Historical whodunit not for the po-faced

Templecombe
Templar Head of Christ displayed in Templecombe church, Somerset

 

Michael Clynes The Grail Murders Headline Books 1993

It is 1522 and Edward Stafford, Duke of Buckingham has just been beheaded for treason. Soon afterwards Cardinal Wolsey’s spies start to be bumped off one by one, apparently in revenge for Buckingham’s execution. Buckingham himself was searching for two objects in darkest Somerset and seems to have been in cahoots with a powerful secret society, supposedly disbanded for two centuries. Under pain of execution two investigators, Benjamin Daunbey and Roger Shallot, are ordered by Henry VIII to find these two missing relics — the Grail, the cup used by Christ at the Last Supper, and Excalibur, the fabled sword of King Arthur — and foil the Templar plot against the Tudors. Along the way there is a lot of intrigue and action before matters are finally resolved. Or not.

First, the good news. A first glance revealed that this was “the third journal of Sir Roger Shallot”, a promising conceit for a tale with an Arthurian twist — Tennyson had famously dubbed a damsel the Lady of Shalott, the very one who was “half sick of shadows” — though I suspect the knight’s name was originally suggested by the phrase “rogers a lot”. Sir Roger had already recounted details of his dissolute life The White Rose Murders and The Poisoned Chalice, and there are three further titles in the series.

Most of the scene is set in Somerset, at Glastonbury Abbey and at Templecombe Manor. Both have Arthurian associations, the first from where King Arthur was supposedly disinterred in the late 12th century and later reburied, the second where a Knights Templar painted panel was discovered in the 20th century showing Christ’s face, which excited antiquarians have connected with the Turin Shroud and, more obscurely, the Grail. In Clynes’ novel Henry VIII is understandably keen to get his hands on both the Grail and on Excalibur — this is long before the Dissolution of the Monasteries in 1540 and the destruction of relics like Arthur’s bones — but murder and intrigue provide the inevitable obstacles. This is a clever intertwining of various memes close to the hearts of speculative antiquarians: the Knights Templar, the Holy Grail, Arthur’s sword, Tudor intrigue and conspiracy theories.

Not being a fan of Brother Cadfael and his ilk I cannot say whether this offering measures up to the usual standards of the genre, but I can state with confidence that this certainly wouldn’t be what publishing parlance might term ‘a worthy successor to Umberto Eco’s The Name of the Rose‘. Though I’m glad to say that there are no Gadzooks, Odsbodikins and the like, Shallot’s asides (presumably later to provide original material for Shakespeare) are rather tedious, thankfully not typical of the wit we are otherwise proffered. The author’s history doctorate was on Edward II and Isabella so he is no slouch on many background details. He’s also known as a prolific writer of historical mysteries though his day job — under his real name of Paul Doherty — is as Headmaster of a successful school near London. However his research is faulty in one respect or he wouldn’t have stated that the Nanteos Cup from Wales (which some mistakenly claim actually is the Grail) “was last seen in the 1920s in a bank vault”, since it was — at least until recently — certainly available for pilgrims to see if they knew whom to ask.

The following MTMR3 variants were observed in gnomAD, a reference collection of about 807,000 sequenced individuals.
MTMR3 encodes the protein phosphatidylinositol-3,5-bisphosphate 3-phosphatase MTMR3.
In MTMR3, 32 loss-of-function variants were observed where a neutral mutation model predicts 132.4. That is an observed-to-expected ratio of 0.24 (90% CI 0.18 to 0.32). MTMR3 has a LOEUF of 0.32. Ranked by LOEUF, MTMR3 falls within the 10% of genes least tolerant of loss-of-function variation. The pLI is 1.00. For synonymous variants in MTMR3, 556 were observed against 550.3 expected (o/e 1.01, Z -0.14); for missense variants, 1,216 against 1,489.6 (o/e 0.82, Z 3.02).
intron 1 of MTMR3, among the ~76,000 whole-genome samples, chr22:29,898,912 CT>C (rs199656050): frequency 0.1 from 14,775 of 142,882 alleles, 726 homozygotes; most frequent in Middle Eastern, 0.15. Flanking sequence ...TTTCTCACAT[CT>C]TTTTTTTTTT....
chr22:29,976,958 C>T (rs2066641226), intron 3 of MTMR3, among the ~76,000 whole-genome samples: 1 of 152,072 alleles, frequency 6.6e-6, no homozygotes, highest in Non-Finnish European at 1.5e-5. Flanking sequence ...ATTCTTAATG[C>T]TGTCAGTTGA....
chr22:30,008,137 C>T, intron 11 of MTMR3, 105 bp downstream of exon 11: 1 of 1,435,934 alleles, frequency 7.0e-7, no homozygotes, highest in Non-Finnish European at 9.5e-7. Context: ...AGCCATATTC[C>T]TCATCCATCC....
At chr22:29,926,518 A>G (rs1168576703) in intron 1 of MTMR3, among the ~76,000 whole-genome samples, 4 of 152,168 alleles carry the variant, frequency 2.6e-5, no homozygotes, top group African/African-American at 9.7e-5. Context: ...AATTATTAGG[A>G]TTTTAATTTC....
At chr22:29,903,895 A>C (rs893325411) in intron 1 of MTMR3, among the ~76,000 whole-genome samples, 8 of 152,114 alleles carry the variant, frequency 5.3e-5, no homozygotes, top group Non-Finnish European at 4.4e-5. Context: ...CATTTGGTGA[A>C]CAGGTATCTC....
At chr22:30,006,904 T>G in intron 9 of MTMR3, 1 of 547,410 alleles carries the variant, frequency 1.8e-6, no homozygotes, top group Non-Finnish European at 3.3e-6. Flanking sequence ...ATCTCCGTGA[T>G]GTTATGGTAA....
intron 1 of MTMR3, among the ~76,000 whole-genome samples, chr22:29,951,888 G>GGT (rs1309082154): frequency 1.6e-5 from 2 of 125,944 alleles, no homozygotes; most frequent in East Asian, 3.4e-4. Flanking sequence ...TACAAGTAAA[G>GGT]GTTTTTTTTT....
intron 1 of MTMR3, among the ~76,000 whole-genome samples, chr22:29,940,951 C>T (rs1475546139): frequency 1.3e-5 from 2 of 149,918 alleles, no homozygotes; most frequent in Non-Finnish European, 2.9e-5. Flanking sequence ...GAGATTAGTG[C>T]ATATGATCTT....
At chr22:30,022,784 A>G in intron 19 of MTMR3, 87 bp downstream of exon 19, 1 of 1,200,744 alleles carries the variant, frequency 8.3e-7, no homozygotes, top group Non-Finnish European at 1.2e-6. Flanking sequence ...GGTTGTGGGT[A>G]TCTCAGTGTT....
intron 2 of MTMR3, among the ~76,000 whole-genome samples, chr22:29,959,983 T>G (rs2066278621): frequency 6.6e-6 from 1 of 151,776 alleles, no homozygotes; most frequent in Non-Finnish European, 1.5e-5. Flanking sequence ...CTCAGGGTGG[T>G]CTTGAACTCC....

I read and reviewed this in 1994, dismissing it then as airport lounge reading material. Now I’d not be so sure, not that my critical faculties have failed but because I would be less po-faced and more appreciative of the many skills that go into putting together historical whodunits. And who am I, an amateur critic, to argue with a commercially successful writer?

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4 thoughts on “Historical whodunit not for the po-faced

  1. Hmm. I wonder about this. Edward Marston wrote a series of historical detective novels set in the mid to late nineteenth century, I think all with a railway theme, and the first one was undoubtedly well-researched, but the characters and the plot were just awful. Yet evidently these are successful enough for him to continue writing them and being published. So I doubt the taste of the reading public at large, frankly!

    1. As they say, Ela, there’s no accounting for taste. Knowing a bit about the subject matter I thought the author mixed the unrelated themes quite well. Roger Shallot, portrayed as a ‘lovable’ rogue, wasn’t to my taste but may have been to Doherty’s readers. Success is no certainly no guide to quality: I still remember as a child being fed a diet of Noddy stories, the only upside to which I remember thinking were the Beek illustrations.

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